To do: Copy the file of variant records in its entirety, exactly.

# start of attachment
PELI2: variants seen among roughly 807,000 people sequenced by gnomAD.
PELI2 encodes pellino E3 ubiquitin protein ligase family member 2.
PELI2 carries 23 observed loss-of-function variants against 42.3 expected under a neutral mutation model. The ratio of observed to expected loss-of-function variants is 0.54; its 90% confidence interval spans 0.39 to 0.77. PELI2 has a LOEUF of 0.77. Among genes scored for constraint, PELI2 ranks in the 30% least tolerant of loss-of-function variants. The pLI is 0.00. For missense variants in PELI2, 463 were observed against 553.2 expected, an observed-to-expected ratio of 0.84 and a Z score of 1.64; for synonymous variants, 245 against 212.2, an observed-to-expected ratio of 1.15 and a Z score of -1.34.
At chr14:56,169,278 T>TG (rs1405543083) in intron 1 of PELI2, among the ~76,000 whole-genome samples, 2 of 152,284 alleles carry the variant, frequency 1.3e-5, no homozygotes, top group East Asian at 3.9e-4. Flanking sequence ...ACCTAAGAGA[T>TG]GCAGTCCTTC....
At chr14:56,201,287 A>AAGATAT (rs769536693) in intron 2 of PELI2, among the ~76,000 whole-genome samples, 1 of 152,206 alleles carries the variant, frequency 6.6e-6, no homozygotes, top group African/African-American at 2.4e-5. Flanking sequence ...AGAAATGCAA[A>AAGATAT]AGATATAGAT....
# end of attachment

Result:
PELI2: variants seen among roughly 807,000 people sequenced by gnomAD.
PELI2 encodes pellino E3 ubiquitin protein ligase family member 2.
PELI2 carries 23 observed loss-of-function variants against 42.3 expected under a neutral mutation model. The ratio of observed to expected loss-of-function variants is 0.54; its 90% confidence interval spans 0.39 to 0.77. PELI2 has a LOEUF of 0.77. Among genes scored for constraint, PELI2 ranks in the 30% least tolerant of loss-of-function variants. The pLI is 0.00. For missense variants in PELI2, 463 were observed against 553.2 expected, an observed-to-expected ratio of 0.84 and a Z score of 1.64; for synonymous variants, 245 against 212.2, an observed-to-expected ratio of 1.15 and a Z score of -1.34.
At chr14:56,169,278 T>TG (rs1405543083) in intron 1 of PELI2, among the ~76,000 whole-genome samples, 2 of 152,284 alleles carry the variant, frequency 1.3e-5, no homozygotes, top group East Asian at 3.9e-4. Flanking sequence ...ACCTAAGAGA[T>TG]GCAGTCCTTC....
At chr14:56,201,287 A>AAGATAT (rs769536693) in intron 2 of PELI2, among the ~76,000 whole-genome samples, 1 of 152,206 alleles carries the variant, frequency 6.6e-6, no homozygotes, top group African/African-American at 2.4e-5. Flanking sequence ...AGAAATGCAA[A>AAGATAT]AGATATAGAT....